Weepy eyes in dogs

Dog on white background

Overview

  • Weepy eyes can be caused harmless issues such as wind exposure but also by more serious problems such as wounds, infection, eyelash problems and eye ulcers.
  • Eye problems can get rapidly worse - always contact your vet for an appointment if you notice anything wrong with your dog’s eye(s).

Causes of weepy eyes in dogs

Conjunctivitis

  • Conjunctivitis is inflammation of the lining of the eyelids – many different things can cause it.

Ulcers in the eye (corneal ulcers)

  • Eye ulcers are scratches or grazes on the front of the eye.

Dry eye

  • Dry eye is a condition that prevents tears from being produced which causes irritation and weeping.

Eyelash problems

  • Eyelash problems such as eyelashes growing in the wrong direction and from the wrong place.

Eyelid problems

  • Eyelid problems such as baggy eyelids and eyelids that turn in.

Lumps in and around the eyes

  • Lumps in and around the eyes can cause weeping.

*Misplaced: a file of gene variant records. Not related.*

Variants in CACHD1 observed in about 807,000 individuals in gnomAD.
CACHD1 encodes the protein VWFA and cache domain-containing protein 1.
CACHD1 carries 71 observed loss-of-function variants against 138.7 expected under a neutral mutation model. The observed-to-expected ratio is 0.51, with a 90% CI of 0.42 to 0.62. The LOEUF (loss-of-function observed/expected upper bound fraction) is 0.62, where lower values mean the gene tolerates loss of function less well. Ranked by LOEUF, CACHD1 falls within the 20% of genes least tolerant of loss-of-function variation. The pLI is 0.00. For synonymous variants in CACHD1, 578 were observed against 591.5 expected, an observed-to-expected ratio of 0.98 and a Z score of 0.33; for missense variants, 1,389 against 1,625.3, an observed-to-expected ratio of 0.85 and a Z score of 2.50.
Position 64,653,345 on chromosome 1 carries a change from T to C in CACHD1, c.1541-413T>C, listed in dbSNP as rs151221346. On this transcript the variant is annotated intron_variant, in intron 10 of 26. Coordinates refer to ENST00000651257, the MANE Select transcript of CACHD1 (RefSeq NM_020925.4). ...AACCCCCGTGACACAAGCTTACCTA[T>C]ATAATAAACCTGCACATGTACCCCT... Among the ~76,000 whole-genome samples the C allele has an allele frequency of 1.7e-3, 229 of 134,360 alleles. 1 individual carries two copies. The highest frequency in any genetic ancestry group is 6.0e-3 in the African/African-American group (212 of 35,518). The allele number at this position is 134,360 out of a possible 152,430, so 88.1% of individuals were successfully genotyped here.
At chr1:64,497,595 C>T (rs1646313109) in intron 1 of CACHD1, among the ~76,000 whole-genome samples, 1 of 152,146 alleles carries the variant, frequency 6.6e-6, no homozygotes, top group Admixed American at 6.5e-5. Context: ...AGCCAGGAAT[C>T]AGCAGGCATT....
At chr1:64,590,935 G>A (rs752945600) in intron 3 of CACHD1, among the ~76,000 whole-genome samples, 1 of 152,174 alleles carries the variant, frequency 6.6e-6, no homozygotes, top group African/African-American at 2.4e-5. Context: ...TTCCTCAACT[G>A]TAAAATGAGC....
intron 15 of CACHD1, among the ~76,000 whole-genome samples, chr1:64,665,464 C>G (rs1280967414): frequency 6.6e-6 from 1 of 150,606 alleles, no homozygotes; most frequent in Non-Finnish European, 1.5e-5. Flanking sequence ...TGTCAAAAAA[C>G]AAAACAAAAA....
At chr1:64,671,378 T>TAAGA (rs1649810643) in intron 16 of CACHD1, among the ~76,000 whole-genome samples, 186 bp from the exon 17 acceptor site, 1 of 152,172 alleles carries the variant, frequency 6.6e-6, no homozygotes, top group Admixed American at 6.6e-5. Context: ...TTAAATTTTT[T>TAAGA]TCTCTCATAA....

Wind exposure

  • Exposure to the wind can cause eyes to become sore and weepy.

Skin allergies (atopy)

Tear staining

  • Tear staining is very common. Tears overflow and stain the cheeks.

Less common causes

Exposure keratitis

  • Exposure keratitis is common in short nose breeds such as the Pug and Shih Tzu. It’s where the surface of the eye isn’t completely protected by the eyelids and therefore becomes sore and weepy.

Nasolacrimal duct problems

  • Nasolacrimal ducts are tubes that move tears from your dog’s eyes into their nose. Conditions affecting them can cause tears to overflow out of the eye (causing weepy eyes).

Foreign body

  • Foreign bodies (something stuck) in the eye e.g. a grass seed.

When to contact your vet

Contact your vet straight away if you notice anything wrong with your dog’s eyes. There are lots of possible causes for weepy eyes and these range from harmless to serious. Eyes are far too precious to leave to chance!

You know your dog best. If they don’t have the symptoms listed above but you are still concerned it’s always best to contact your vet.

Published: July 2018

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Written by vets and vet nurses

Illustrations by Samantha Elmhurst